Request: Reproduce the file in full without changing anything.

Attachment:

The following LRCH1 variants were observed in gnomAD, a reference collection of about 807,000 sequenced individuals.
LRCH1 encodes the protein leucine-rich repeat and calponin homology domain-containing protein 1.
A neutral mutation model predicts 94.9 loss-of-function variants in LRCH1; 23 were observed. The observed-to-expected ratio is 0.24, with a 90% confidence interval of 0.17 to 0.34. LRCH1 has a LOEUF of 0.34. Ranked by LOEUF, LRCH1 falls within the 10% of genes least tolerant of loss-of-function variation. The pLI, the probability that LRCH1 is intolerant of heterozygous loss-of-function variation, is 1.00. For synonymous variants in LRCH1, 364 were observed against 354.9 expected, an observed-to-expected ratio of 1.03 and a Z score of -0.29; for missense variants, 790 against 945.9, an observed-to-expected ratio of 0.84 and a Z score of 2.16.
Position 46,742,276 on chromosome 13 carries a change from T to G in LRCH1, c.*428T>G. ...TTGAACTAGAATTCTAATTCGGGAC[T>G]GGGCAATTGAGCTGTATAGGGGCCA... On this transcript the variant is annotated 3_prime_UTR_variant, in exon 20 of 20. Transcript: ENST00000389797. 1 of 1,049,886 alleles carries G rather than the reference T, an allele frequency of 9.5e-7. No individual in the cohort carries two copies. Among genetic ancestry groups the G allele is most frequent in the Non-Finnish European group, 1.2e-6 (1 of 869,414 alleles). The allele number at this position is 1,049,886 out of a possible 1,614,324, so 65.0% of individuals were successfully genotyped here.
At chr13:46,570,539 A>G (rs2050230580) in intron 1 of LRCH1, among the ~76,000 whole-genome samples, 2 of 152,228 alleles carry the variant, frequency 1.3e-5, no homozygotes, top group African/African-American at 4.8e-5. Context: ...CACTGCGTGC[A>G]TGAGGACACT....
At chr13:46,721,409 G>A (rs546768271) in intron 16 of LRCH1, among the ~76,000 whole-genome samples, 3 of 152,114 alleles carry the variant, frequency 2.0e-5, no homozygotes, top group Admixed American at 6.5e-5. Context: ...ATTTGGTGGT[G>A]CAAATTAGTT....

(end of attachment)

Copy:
The following LRCH1 variants were observed in gnomAD, a reference collection of about 807,000 sequenced individuals.
LRCH1 encodes the protein leucine-rich repeat and calponin homology domain-containing protein 1.
A neutral mutation model predicts 94.9 loss-of-function variants in LRCH1; 23 were observed. The observed-to-expected ratio is 0.24, with a 90% confidence interval of 0.17 to 0.34. LRCH1 has a LOEUF of 0.34. Ranked by LOEUF, LRCH1 falls within the 10% of genes least tolerant of loss-of-function variation. The pLI, the probability that LRCH1 is intolerant of heterozygous loss-of-function variation, is 1.00. For synonymous variants in LRCH1, 364 were observed against 354.9 expected, an observed-to-expected ratio of 1.03 and a Z score of -0.29; for missense variants, 790 against 945.9, an observed-to-expected ratio of 0.84 and a Z score of 2.16.
Position 46,742,276 on chromosome 13 carries a change from T to G in LRCH1, c.*428T>G. ...TTGAACTAGAATTCTAATTCGGGAC[T>G]GGGCAATTGAGCTGTATAGGGGCCA... On this transcript the variant is annotated 3_prime_UTR_variant, in exon 20 of 20. Transcript: ENST00000389797. 1 of 1,049,886 alleles carries G rather than the reference T, an allele frequency of 9.5e-7. No individual in the cohort carries two copies. Among genetic ancestry groups the G allele is most frequent in the Non-Finnish European group, 1.2e-6 (1 of 869,414 alleles). The allele number at this position is 1,049,886 out of a possible 1,614,324, so 65.0% of individuals were successfully genotyped here.
At chr13:46,570,539 A>G (rs2050230580) in intron 1 of LRCH1, among the ~76,000 whole-genome samples, 2 of 152,228 alleles carry the variant, frequency 1.3e-5, no homozygotes, top group African/African-American at 4.8e-5. Context: ...CACTGCGTGC[A>G]TGAGGACACT....
At chr13:46,721,409 G>A (rs546768271) in intron 16 of LRCH1, among the ~76,000 whole-genome samples, 3 of 152,114 alleles carry the variant, frequency 2.0e-5, no homozygotes, top group Admixed American at 6.5e-5. Context: ...ATTTGGTGGT[G>A]CAAATTAGTT....